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MNB raises 2015 inflation forecast to 0.3%

Ratings

The National Bank of Hungary (MNB) has raised its inflation forecast for 2015 to 0.3% from 0% in its fresh quarterly Inflation Report, the central bank said yesterday. The MNB raised its forecast for GDP growth this year by 0.1 percentage point to 3.3%. 

The projection for 2016 CPI was lowered to 2.4% from 2.6% in the previous report published in March. The MNB left its projection for 2016 GDP growth unchanged at 2.5%. The full Inflation Report will be published tomorrow. In a statement on the report, the MNBʼs rate-setting Monetary Council said inflation data from recent months were slightly higher than those in March, mainly reflecting higher-than-expected fuel prices, but underlying inflation is still moderate.


The low inflation environment and the improvement in the labor market will contribute to household real income growth, which in turn is expected to strengthen household consumption, the Council said. Domestic demand is likely to remain the main driver of growth and rising exports reflecting strengthening growth in Hungaryʼs export markets are also expected to support domestic economic growth, it added.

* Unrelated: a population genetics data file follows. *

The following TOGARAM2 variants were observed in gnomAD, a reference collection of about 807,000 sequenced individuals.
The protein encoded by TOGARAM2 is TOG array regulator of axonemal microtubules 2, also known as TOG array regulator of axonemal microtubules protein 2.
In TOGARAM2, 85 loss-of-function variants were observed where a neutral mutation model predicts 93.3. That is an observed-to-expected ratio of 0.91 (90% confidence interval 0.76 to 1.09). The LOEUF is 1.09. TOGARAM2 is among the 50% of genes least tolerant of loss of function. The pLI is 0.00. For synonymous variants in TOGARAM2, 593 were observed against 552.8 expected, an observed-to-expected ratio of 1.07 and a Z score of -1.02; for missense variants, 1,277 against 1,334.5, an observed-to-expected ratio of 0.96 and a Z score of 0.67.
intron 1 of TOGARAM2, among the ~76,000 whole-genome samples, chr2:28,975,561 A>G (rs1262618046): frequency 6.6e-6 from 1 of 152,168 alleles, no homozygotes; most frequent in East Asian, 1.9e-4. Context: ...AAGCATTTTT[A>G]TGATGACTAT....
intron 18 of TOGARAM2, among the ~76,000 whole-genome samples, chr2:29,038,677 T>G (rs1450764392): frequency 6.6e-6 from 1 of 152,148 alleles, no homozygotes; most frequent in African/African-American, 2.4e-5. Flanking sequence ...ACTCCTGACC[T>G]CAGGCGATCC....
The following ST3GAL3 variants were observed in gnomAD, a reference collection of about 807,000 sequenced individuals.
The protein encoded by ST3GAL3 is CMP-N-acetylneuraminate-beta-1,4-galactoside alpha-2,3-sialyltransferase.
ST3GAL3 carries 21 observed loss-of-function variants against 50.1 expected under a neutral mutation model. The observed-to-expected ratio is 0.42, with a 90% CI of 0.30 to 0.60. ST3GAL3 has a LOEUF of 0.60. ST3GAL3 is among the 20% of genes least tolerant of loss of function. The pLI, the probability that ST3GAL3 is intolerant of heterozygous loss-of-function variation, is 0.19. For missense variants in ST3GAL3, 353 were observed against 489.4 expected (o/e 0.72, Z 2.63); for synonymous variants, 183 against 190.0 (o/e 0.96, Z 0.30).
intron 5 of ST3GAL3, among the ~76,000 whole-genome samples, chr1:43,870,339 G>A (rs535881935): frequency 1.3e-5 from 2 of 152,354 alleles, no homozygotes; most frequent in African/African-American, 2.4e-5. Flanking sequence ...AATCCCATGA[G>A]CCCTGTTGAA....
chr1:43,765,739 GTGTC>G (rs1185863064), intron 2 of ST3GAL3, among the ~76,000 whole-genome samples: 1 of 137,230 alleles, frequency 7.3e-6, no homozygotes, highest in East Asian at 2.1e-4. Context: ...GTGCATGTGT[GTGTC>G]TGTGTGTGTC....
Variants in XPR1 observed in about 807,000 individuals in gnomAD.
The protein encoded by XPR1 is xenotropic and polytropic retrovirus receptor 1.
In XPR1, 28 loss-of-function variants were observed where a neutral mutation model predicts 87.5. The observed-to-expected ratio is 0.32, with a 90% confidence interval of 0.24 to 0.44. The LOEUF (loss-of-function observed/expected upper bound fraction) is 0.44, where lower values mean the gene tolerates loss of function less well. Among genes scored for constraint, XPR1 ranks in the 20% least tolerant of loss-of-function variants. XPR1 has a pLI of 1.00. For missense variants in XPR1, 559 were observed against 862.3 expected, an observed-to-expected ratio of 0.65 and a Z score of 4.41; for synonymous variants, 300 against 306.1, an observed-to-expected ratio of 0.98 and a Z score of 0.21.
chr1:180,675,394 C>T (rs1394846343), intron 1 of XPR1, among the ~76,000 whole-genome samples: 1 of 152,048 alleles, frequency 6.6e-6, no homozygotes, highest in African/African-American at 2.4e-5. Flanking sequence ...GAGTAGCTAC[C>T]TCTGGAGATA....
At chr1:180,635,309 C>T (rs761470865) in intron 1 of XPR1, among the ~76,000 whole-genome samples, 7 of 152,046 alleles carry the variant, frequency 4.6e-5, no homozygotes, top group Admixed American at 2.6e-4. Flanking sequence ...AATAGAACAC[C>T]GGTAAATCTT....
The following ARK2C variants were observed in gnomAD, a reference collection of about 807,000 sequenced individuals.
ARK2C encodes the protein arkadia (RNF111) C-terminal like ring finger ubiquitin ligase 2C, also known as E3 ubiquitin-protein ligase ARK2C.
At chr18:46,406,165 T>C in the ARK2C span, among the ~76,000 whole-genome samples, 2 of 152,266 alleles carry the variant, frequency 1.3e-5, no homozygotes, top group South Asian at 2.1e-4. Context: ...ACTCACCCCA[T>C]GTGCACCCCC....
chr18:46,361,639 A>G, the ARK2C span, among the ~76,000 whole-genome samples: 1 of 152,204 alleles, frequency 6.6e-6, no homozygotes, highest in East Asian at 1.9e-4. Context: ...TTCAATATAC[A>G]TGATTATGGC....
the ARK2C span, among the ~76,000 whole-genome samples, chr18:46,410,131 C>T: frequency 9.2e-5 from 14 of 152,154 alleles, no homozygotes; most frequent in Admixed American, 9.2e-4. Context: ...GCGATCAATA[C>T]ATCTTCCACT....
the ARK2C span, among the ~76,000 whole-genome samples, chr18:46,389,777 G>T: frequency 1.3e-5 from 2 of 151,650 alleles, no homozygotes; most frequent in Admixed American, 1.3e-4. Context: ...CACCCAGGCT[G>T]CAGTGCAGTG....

The conversion of foreign currency loans will reduce the household sectorʼs vulnerability, which may facilitate the gradual easing of consumer caution. The Funding for Growth Scheme also supports private sector investment, according to the Council. Household investment activity is expected to strengthen due to the pick-up in the housing market and the extension of the housing subsidy system.

The economyʼs external vulnerability continues to decrease as external financing capacity is expected to remain robust, exceeding 9% of GDP in 2015. Net exports are set to rise further, reflecting the probable improvement in external demand and the positive impact of the decline in oil prices on terms of trade. The Monetary Council considered three alternative scenarios around the baseline projection which might significantly impact monetary policy.

In one alternative scenario, a rise in yields in developed markets could lead to an increase in the risk premium of developing markets, allowing the inflation target to be achieved only with tighter monetary policy than assumed in the baseline projection.

In another, mounting geopolitical tensions could involve a protracted decline in external demand and a sudden increase in the risk premium, requiring tighter monetary policy. In the third alternative scenario, a persistently low cost environment and increasing second-round effects could lead to lower inflation and stronger economic growth, possibly justifying looser monetary conditions.

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